The CEDAW Committee
Enforcement of the Treaty is left to individual governments. The treaty grants no authority to the United Nations or any other body. It requires only a periodic report and review process. Countries also can express “reservations, understandings, and declarations” where domestic laws diverge from the Treaty. U.S. federal and state laws arelargely consistent with the Treaty for the Rights of Women, except where noted in the reservations, understandings, and declarations.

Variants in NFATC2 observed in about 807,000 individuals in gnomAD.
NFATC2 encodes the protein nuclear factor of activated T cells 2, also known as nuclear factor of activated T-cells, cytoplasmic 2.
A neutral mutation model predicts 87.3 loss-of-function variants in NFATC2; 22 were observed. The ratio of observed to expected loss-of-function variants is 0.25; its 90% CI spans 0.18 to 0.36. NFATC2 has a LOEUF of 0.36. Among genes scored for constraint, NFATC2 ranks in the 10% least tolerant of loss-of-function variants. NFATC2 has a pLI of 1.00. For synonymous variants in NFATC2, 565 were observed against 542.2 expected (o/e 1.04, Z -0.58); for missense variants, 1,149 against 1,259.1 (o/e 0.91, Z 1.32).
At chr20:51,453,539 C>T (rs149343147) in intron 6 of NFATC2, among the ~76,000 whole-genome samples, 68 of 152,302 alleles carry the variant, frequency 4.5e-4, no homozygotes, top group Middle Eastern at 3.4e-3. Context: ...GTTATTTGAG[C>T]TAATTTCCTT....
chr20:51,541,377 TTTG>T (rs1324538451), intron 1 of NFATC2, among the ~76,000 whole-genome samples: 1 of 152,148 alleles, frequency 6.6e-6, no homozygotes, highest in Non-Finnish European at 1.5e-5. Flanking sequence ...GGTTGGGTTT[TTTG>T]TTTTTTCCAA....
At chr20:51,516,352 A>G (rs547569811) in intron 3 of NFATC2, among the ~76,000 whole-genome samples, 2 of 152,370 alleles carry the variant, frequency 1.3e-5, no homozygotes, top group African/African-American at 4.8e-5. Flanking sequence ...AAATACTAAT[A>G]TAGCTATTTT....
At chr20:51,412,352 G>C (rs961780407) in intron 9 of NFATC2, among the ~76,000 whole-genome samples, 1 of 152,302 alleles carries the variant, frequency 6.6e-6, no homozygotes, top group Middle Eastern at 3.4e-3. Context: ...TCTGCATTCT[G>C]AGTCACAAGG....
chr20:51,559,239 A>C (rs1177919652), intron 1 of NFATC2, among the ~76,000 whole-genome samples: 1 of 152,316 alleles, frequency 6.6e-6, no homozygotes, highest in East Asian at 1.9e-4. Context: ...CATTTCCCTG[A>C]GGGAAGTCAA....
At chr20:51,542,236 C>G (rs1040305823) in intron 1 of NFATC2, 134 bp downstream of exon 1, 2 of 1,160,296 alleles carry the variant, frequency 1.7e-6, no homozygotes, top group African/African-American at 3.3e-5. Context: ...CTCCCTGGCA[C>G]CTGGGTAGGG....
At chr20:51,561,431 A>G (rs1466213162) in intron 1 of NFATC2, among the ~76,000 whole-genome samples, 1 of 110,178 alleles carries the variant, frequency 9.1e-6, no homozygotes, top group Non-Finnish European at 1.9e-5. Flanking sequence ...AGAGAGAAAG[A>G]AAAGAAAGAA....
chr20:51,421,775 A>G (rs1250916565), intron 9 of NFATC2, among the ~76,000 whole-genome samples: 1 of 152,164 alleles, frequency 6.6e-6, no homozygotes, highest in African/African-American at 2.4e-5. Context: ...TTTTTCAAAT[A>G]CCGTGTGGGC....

To consider and review progress on and roadblocks to implementation, the Treaty established a Committee on the Elimination of Discrimination Against Women (CEDAW Committee). The Committee is composed of 23 experts, who are elected by those countries that have ratified the Treaty. Members of the Committee serve for a term of four years and may be re-elected. Though nominated by their governments, the experts serve in their individual capacities and not as delegates or representatives of their countries of origin. Since its inception, and with only one exception, the Committee has always been composed entirely of women.